In June 1989, residents of Sacramento, California, voted to shut down their utility's only nuclear power plant (1). The plant was closed by a public vote in 1989, a decade before its operating license was to expire. The vote was 53.4 percent to shut the plant and 46.6 percent to keep it open.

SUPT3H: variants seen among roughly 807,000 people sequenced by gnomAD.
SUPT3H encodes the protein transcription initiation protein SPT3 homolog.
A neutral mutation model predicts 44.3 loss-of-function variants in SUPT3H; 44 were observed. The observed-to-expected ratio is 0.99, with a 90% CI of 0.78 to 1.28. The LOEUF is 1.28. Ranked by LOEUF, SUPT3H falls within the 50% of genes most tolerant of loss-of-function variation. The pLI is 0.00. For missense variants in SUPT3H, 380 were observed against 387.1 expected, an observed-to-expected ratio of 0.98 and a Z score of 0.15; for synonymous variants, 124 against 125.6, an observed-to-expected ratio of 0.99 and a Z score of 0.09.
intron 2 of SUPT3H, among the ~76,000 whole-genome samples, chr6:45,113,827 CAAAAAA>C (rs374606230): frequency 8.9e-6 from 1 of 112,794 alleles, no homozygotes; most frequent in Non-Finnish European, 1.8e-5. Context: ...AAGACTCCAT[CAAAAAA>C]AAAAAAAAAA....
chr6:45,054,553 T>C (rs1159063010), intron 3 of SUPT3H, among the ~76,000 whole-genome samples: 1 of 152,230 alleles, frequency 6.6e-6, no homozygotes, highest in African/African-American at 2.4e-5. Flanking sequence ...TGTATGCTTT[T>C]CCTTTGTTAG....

The reactor, 25 miles from Sacramento, was built at a cost of US $375 million. It operated fitfully during its 15-year history, producing less than 40 percent of the electricity that would have resulted from unfailing year-round operation. Opponents of the plant argued that despite $400 million in new investment in the last three years, it would be far cheaper to retire it halfway through its expected life span, and buy power from other utilities in California. Although the vote centered on the economics, it took place against a backdrop of nationwide concern over the safety of nuclear power plants. The reactor's design was similar to that at the Three Mile Island plant in Pennsylvania, where a score-melting accident occurred in March 1979, and Rancho Seco has had other accidents of its own. (1). Opponents of nuclear power, who had lost 14 similar referendums in 10 states during the last 13 years, took heart from the Sacramento outcome. The vote was 111,867 in favor of the shutdown and 97,460 opposed, with about 40 percent of registered voters casting ballots. Advocates of atomic power asserted at the time that looming electricity shortages in the East and increased concern over coal burning's contribution to global warming would offer an opportunity for new reactors. But the closing down on Rancho Seco in 1989 (three years after Chernobyl in the Soviet Union) plus the Three Mile Island accident in 1979 meant that the American nuclear power industry had reached its peak.